Jasmine is a bit surprised by Dr. Johnson’s shift and says, “Well, typically, when my weight loss slows down or stops completely, I stop doing any of those things you mentioned that would help me feel better and be healthier.” Dr. Johnson says, “I understand, but we’re going to turn the focus from your weight to your health. Because those behaviors are linked to health, why not do them anyway?”
Jasmine smiles at Dr. Johnson and says, “It sure would be easier to come back and see you the next time I’m supposed to if I did not have to lose weight first.”
Dr. Johnson replies, “I do not want anything to stand in the way of you getting your medical care, including worrying that I might scold you. Now that we have a better plan, I am going to have the nurse retake your blood pressure.” Jasmine and Dr. Johnson then discuss treatment options for Jasmine’s migraines.
Right before Dr. Johnson leaves the room, Jasmine shares one more quick concern, “I like the shift from weight to health, but there is this Weight Focusers group at work. If I do not go, I’ll get charged a higher premium for my health insurance.”
Dr. Johnson says, “Let me know if I can help with that. The Affordable Care Act is supposed to allow you to follow your doctor’s recommendation, and I have no evidence that Weight Focusers is going to make you healthier and lots of evidence that says that weight cycling is linked to poorer health.”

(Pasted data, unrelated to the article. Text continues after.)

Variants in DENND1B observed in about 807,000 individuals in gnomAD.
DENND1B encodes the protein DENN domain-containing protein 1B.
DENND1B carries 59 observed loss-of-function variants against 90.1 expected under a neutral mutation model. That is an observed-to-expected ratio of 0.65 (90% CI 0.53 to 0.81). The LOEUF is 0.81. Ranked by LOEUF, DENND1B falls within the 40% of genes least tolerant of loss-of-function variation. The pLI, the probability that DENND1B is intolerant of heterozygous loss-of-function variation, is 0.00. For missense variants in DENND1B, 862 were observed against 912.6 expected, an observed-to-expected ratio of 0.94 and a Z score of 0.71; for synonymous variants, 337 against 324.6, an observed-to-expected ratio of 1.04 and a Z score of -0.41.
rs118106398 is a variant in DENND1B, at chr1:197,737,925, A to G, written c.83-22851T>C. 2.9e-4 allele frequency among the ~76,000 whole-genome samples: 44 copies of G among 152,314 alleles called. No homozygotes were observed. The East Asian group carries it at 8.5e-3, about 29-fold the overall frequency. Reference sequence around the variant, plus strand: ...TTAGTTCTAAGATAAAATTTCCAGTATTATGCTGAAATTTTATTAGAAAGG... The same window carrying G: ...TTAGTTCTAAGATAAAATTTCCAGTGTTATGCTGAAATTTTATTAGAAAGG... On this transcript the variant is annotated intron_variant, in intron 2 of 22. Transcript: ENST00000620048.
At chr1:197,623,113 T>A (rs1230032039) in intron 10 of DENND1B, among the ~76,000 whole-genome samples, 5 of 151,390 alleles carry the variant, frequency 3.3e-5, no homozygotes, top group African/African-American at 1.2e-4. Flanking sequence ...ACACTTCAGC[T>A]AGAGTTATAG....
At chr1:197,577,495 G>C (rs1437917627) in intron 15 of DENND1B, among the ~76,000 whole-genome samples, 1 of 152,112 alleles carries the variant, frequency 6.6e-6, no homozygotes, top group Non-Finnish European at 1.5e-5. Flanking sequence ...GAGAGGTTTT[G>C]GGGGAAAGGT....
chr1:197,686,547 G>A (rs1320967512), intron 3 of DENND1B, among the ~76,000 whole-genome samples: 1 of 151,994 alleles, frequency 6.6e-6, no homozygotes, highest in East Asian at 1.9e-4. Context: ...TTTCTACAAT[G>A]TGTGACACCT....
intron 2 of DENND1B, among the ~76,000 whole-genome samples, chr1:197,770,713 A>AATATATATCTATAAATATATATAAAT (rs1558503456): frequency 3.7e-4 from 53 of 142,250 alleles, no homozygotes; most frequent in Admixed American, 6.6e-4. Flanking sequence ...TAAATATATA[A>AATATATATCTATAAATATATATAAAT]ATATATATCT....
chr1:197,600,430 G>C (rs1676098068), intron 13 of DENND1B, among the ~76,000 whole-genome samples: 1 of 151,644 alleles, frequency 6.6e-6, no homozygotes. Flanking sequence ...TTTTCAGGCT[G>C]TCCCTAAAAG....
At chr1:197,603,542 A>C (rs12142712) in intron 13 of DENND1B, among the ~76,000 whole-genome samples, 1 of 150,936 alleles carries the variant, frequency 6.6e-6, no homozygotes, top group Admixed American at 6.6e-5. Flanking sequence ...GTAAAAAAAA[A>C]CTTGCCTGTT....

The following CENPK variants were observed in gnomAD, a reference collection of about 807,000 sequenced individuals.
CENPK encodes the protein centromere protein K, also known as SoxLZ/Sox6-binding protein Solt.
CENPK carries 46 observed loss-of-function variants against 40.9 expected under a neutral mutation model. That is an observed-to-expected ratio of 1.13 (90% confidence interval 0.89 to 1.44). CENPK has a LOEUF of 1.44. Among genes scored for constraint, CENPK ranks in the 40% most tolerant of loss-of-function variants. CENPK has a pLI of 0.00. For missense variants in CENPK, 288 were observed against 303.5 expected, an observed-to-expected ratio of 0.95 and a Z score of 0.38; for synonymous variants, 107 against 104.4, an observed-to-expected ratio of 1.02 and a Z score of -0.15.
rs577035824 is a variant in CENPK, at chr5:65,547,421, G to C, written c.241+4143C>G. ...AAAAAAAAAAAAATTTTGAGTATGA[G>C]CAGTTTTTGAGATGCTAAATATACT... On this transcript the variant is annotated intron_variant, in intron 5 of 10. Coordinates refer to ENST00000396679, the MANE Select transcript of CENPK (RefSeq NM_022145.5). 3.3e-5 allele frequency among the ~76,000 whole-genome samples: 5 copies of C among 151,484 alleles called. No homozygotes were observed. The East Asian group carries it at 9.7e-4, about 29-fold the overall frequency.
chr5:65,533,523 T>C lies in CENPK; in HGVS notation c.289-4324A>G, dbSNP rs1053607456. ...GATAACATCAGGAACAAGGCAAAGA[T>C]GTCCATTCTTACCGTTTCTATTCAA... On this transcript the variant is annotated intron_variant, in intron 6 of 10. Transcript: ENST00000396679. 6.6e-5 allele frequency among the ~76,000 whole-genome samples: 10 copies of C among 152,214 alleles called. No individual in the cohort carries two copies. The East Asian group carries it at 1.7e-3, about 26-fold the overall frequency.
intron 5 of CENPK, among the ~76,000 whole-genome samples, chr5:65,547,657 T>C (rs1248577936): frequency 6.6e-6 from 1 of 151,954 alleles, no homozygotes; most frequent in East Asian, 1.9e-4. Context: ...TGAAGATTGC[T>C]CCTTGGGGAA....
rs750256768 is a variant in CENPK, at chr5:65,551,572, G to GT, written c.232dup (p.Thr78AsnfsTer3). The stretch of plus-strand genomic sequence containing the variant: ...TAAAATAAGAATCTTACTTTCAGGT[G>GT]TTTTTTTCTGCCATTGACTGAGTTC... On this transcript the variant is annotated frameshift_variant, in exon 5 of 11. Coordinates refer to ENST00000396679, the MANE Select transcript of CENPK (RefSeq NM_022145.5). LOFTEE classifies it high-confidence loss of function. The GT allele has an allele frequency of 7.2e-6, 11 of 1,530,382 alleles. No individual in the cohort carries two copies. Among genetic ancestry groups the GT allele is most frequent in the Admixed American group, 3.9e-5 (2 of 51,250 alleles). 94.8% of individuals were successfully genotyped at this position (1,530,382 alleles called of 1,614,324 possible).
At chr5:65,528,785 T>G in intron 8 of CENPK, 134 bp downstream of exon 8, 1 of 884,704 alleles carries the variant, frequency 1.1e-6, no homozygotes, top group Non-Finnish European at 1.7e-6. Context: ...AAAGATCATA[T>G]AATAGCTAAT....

Jasmine leaves the doctor’s office feeling hopeful and understood.
As Dr. Johnson finishes the chart note, she realizes that her own body is relaxed, her jaw unclenched. She feels like she has made a better connection with Jasmine and developed a sustainable treatment plan she can follow. Dr. Johnson is curious and maybe even a little eager to see what happens next. However, she does wonder what will happen if the reviewers do not see weight loss in this patient, or a goal of weight loss in the treatment plan.
To read the full Review Article in the Journal of Obesity, click here, The Weight-Inclusive versus Weight-Normative Approach to Health: Evaluating the Evidence for Prioritizing Well-Being over Weight Loss . PLEASE SHARE THE FULL ARTICLE WITH YOUR PHYSICIANS AND OTHER HEALTHCARE PROVIDERS! You can download a PDF of the article and hand it to (or mail it to) your doctors…even anonymously, if that feels more comfortable.
We can reduce weight stigma in health care, in our lifetime! No matter what we happen to weight, all doctor’s can be educated, encouraged to be our ally; to look at actual medical issues and not be blinded by any prejudice or assumptions driven by weight stigma.
Ellen Shuman is a pioneer in the field of binge eating disorder treatment; a Coach who specializes in helping people overcome binge eating, binge eating disorder, emotional eating, compulsive eating, and food addiction. She is the founder of A Weigh Out Life Coaching & Members’ Circle, Acoria Binge Eating Disorder Treatment (1993-present). She is a Past President of the Binge Eating Disorder Association (2011/2012), and Co-Founder of the Academy for Eating Disorders Special Interest Group on “Health at Every Size”, firstname.lastname@example.org, 513-321-4242.